Seasonal Feet!

Ahhh…warm footsies!

Feet are the great “barometers” of our body that reflect the totality of how we feel.

If you can think of the feet as an external thermometer, you will begin to see how they can greatly assist us in regulating our body’s temperature.

When our feet are hot…our whole body feels hot.

When our feet are cold…our whole body feels cold.

During this Winter season, it’s important to keep our feet warm and snuggly – so that we feel the same.

I would like to offer you some helpful suggestions for keeping your extremities in “toe.”

When Outdoors

*Be sure to wear cotton/wool socks when walking in snow. It’s very important to keep your feet warm in extreme temperatures. Boots or shoes that are water-proof are very helpful. The minute your feet become wet…your entire body will become chilled. If your feet do become wet, change your socks immediately upon returning indoors.

At Home

*Be sure to wear a pair of socks or slippers, if your home is not well heated. This will keep your body at a consistant even temperature. Cold bathroom tile floors are the worst culprits for shocking the body into an extreme temperature change.


A Warm Foot Bath

Nothing feels better than a warm relaxing foot bath during the cold Winter months.

*Mix 4 drops of Rosemary pure essential oil to a cup of Epsom salts. Fill a large basin with warm running water, as you add the mixture.

*Soak your feet for 20 minutes.

*Do this after spending the day outdoors…your entire body will LOVE you for it!

Caution Care

*Use only pure essential oils.

*Foot baths are not recommended for those individuals who have a diabetic condition.

So remember, keeping your feet comfortably warm, will reflect the same throughout your entire body.

Enjoy this Winter season…without a case of “Popsicle Toes.”

And stay well, folks!

Photos: Crittz & Mass Distraction

Good Stuff for Your Feet!


Feet are the most abused and ignored part of our anatomy.

Through improper footwear, and constant pounding on hard flat surfaces, our feet take a lot of wear and tear.



Most adults have abused feet, caused by ill-fitted shoes. There are no shoes on the market that truly conform to the outline of the human foot – this is obvious if you just place your shoe beside your foot and compare the shape. Another factor is that one foot may be slightly larger than the other.

High-heeled shoes are probably the worst culprits as they affect the body weight, balance, and spine.

Synthetic shoes should also be avoided as they do not ventilate, thus increasing the risk of fungal infection. Rubber and plastic shoes will stifle the feet.

Low-heeled, lightweight, leather or natural fiber shoes are the best. So choose your shoes carefully; your health depends on it.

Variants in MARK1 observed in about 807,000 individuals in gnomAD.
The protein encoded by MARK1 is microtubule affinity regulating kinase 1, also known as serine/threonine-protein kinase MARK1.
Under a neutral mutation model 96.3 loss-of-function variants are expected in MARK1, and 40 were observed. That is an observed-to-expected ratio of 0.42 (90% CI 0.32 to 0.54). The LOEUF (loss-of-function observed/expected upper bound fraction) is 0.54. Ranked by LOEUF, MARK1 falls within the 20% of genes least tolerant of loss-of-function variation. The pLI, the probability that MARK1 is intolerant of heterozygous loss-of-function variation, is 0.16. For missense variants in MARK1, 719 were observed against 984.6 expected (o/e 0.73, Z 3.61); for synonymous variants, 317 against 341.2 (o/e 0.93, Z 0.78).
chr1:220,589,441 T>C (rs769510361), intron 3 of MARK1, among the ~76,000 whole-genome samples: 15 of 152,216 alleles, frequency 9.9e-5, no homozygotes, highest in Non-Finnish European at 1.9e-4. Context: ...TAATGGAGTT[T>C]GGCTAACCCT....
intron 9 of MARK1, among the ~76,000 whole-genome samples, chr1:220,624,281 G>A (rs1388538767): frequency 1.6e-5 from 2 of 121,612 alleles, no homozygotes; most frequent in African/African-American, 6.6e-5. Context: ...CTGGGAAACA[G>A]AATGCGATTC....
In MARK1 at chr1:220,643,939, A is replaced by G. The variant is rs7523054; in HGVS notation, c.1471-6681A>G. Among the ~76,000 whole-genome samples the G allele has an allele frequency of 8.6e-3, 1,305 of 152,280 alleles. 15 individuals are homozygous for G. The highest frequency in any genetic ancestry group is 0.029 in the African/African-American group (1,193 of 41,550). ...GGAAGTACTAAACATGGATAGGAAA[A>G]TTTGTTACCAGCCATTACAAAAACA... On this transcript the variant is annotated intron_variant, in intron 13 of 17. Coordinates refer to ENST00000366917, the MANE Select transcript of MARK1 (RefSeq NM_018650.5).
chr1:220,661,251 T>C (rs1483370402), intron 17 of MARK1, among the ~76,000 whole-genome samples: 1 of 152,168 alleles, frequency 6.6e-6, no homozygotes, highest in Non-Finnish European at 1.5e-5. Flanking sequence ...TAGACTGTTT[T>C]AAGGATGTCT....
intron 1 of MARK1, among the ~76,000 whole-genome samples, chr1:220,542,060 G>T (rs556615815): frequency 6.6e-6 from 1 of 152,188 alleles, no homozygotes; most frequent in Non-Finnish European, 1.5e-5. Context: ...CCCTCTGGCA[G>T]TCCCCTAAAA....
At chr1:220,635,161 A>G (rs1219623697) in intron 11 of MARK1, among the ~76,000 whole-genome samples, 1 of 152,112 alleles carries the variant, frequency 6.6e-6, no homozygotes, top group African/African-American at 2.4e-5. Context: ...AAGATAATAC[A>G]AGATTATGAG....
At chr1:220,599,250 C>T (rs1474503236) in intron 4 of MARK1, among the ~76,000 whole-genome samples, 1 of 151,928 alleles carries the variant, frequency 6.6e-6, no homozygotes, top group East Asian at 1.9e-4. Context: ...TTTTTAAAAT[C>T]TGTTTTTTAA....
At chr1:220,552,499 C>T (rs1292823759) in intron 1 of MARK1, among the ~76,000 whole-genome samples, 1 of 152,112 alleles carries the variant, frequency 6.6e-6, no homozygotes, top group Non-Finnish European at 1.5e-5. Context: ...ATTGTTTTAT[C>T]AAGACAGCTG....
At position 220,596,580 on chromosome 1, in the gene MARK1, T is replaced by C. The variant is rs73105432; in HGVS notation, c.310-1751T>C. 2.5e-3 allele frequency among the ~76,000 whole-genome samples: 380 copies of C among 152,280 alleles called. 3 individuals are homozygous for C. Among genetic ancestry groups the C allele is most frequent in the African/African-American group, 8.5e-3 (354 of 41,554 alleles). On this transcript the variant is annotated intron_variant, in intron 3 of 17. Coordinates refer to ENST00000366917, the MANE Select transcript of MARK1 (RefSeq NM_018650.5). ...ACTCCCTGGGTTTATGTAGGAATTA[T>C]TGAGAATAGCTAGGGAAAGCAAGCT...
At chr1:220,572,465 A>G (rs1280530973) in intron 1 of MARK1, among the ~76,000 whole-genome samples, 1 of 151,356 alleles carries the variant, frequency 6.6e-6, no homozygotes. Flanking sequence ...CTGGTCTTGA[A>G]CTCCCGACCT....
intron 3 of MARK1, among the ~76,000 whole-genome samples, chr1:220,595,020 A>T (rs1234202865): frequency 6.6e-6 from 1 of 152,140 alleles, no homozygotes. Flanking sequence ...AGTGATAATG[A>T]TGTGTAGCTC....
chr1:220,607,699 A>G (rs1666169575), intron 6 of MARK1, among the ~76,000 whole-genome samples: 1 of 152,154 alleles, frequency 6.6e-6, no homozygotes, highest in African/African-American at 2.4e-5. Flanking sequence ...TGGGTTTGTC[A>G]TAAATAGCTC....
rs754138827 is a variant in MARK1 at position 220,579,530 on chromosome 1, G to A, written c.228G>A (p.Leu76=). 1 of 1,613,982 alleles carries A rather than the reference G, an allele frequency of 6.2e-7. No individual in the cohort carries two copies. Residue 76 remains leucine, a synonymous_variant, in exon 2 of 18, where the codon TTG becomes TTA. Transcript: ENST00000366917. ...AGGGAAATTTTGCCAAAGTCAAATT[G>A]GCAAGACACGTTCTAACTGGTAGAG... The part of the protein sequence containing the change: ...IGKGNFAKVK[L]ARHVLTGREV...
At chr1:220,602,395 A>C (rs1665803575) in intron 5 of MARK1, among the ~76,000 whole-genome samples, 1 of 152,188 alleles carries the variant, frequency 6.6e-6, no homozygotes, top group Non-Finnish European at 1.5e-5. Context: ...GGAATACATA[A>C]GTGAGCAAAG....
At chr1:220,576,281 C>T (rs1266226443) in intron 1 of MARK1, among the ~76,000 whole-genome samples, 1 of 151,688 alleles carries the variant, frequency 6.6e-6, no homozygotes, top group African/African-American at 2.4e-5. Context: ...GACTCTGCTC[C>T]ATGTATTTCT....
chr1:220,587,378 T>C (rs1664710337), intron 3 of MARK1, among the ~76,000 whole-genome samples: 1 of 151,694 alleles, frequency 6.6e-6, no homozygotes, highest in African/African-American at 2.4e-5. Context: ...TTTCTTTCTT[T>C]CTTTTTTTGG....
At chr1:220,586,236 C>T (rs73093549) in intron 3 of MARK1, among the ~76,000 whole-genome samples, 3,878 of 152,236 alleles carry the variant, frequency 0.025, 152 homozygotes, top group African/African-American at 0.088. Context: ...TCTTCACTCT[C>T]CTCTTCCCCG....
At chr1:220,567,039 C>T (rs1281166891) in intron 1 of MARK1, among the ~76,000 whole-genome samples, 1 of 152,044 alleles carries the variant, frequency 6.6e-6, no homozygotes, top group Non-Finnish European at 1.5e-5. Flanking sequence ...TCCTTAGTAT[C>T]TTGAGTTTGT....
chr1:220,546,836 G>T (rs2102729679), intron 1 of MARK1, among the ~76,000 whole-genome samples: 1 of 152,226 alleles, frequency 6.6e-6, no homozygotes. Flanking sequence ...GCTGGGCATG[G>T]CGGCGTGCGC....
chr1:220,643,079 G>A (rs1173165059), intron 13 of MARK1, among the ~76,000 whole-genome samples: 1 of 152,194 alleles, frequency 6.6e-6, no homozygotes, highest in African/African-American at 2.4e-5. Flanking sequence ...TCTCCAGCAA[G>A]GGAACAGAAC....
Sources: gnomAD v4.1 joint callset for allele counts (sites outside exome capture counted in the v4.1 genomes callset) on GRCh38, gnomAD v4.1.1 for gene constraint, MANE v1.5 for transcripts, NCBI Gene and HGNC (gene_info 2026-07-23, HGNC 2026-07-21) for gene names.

*Tip: shop for shoes in the late afternoon or evening after any foot swelling has occured.



Socks made of synthetic materials should be avoided, as they increase the likehood of sweating. Choose cotton or wool rather than nylon.


Exercising You Feet

Regular foot exercise will not only keep the feet in good shape, but can also combat deformities.

There are some simple, easy exercises which can be done at home or the office, which will be beneficial to the feet and should be practiced whenever the opportunity arises:

*Rotate the feet to limber them up.

*To tone up the ligaments and tendons, pick up marbles with the toes.

*To strengthen the arches, stand with your feet flat on the floor and curl the toes under.


Walking is the best and simplest form of exercise. Walk barefoot as often as possible to allow your feet to recover from the confinement of shoes. Barefooted people are less likely to develop foot deformaties. A barefoot walk on the beach, grass or bare earth brings the feet into contact with the earth and the energies that flow through it to provide a revitalizing, energizing and natural massage.


The feet transport us through our entire life.

So, if we can begin to think of them as the “tires” on our car…we would realize the importance of taking proper care of our “treads.”

Allowing them to give our life…many more happy and healthy miles.

Be well feet!



Please visit: How to Buy Shoes

Portions of this post gratefully supplied by: “The Art of Reflexology” – Inge Dougans with Suzanne Ellis

Photo: Debbie in California


Reflexology…and the “High Heel”



Nothing looks more aesthetically beautiful than a woman’s calf – as the result of a high-heeled shoe.

Most women feel about shoes…like some people feel about Lays potato chips…they can’t just have one.

I know this to be true, because most of my friends are female…it’s an obesession!

Most shoe companies would go out of business if it were not for the grace of women.

And me, Mr. Boring Man…has one pair of dress shoes, one pair of sneakers, a pair of boots for the winter, and a set of flip-flops for the summer….woo-woo!

However, because of this “shoe exceitment” – women seem to have the most foot problems.


~Foot Notes~

~ 8 out of 10 women develop foot problems from wearing high heels on a regular basis.

~ Wearing high heels can shorten the Achilles tendon overtime, causing heel pain and decrease range of motion. 75 percent of the 2 million Americans that suffer from heel pain are women.